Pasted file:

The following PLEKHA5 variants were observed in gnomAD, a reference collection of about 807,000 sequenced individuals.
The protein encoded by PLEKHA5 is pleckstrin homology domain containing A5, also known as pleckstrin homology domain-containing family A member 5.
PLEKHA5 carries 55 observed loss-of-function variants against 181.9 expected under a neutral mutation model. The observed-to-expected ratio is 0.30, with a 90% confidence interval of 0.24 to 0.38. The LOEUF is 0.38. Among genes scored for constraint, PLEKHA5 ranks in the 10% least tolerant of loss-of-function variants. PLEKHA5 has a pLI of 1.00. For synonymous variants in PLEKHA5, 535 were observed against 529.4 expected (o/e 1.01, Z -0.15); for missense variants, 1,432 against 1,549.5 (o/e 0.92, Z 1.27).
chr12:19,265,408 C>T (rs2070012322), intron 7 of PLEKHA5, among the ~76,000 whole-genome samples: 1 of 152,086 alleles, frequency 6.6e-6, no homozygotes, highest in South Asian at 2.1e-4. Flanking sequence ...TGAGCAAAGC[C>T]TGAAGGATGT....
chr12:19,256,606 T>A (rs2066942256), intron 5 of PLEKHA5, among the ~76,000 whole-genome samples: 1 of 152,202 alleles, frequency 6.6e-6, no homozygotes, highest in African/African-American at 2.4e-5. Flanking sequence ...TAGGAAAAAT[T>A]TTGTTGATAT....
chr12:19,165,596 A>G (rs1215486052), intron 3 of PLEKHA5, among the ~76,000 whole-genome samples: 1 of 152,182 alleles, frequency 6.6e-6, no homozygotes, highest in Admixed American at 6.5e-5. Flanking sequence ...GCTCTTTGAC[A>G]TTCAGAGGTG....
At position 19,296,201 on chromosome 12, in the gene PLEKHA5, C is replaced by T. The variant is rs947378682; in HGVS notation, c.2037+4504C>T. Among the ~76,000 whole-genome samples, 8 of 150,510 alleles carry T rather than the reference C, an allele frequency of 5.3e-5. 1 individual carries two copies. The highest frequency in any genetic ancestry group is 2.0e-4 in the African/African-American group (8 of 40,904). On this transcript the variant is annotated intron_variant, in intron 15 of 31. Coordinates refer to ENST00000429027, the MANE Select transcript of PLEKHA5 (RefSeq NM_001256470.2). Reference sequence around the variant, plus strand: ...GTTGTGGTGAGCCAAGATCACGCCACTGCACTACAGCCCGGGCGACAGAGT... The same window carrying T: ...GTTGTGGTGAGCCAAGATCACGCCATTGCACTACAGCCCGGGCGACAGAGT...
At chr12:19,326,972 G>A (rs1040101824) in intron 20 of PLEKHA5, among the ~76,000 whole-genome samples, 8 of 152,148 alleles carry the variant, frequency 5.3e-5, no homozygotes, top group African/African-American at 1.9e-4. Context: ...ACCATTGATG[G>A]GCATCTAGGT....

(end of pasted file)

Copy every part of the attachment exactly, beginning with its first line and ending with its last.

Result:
The following PLEKHA5 variants were observed in gnomAD, a reference collection of about 807,000 sequenced individuals.
The protein encoded by PLEKHA5 is pleckstrin homology domain containing A5, also known as pleckstrin homology domain-containing family A member 5.
PLEKHA5 carries 55 observed loss-of-function variants against 181.9 expected under a neutral mutation model. The observed-to-expected ratio is 0.30, with a 90% confidence interval of 0.24 to 0.38. The LOEUF is 0.38. Among genes scored for constraint, PLEKHA5 ranks in the 10% least tolerant of loss-of-function variants. PLEKHA5 has a pLI of 1.00. For synonymous variants in PLEKHA5, 535 were observed against 529.4 expected (o/e 1.01, Z -0.15); for missense variants, 1,432 against 1,549.5 (o/e 0.92, Z 1.27).
chr12:19,265,408 C>T (rs2070012322), intron 7 of PLEKHA5, among the ~76,000 whole-genome samples: 1 of 152,086 alleles, frequency 6.6e-6, no homozygotes, highest in South Asian at 2.1e-4. Flanking sequence ...TGAGCAAAGC[C>T]TGAAGGATGT....
chr12:19,256,606 T>A (rs2066942256), intron 5 of PLEKHA5, among the ~76,000 whole-genome samples: 1 of 152,202 alleles, frequency 6.6e-6, no homozygotes, highest in African/African-American at 2.4e-5. Flanking sequence ...TAGGAAAAAT[T>A]TTGTTGATAT....
chr12:19,165,596 A>G (rs1215486052), intron 3 of PLEKHA5, among the ~76,000 whole-genome samples: 1 of 152,182 alleles, frequency 6.6e-6, no homozygotes, highest in Admixed American at 6.5e-5. Flanking sequence ...GCTCTTTGAC[A>G]TTCAGAGGTG....
At position 19,296,201 on chromosome 12, in the gene PLEKHA5, C is replaced by T. The variant is rs947378682; in HGVS notation, c.2037+4504C>T. Among the ~76,000 whole-genome samples, 8 of 150,510 alleles carry T rather than the reference C, an allele frequency of 5.3e-5. 1 individual carries two copies. The highest frequency in any genetic ancestry group is 2.0e-4 in the African/African-American group (8 of 40,904). On this transcript the variant is annotated intron_variant, in intron 15 of 31. Coordinates refer to ENST00000429027, the MANE Select transcript of PLEKHA5 (RefSeq NM_001256470.2). Reference sequence around the variant, plus strand: ...GTTGTGGTGAGCCAAGATCACGCCACTGCACTACAGCCCGGGCGACAGAGT... The same window carrying T: ...GTTGTGGTGAGCCAAGATCACGCCATTGCACTACAGCCCGGGCGACAGAGT...
At chr12:19,326,972 G>A (rs1040101824) in intron 20 of PLEKHA5, among the ~76,000 whole-genome samples, 8 of 152,148 alleles carry the variant, frequency 5.3e-5, no homozygotes, top group African/African-American at 1.9e-4. Context: ...ACCATTGATG[G>A]GCATCTAGGT....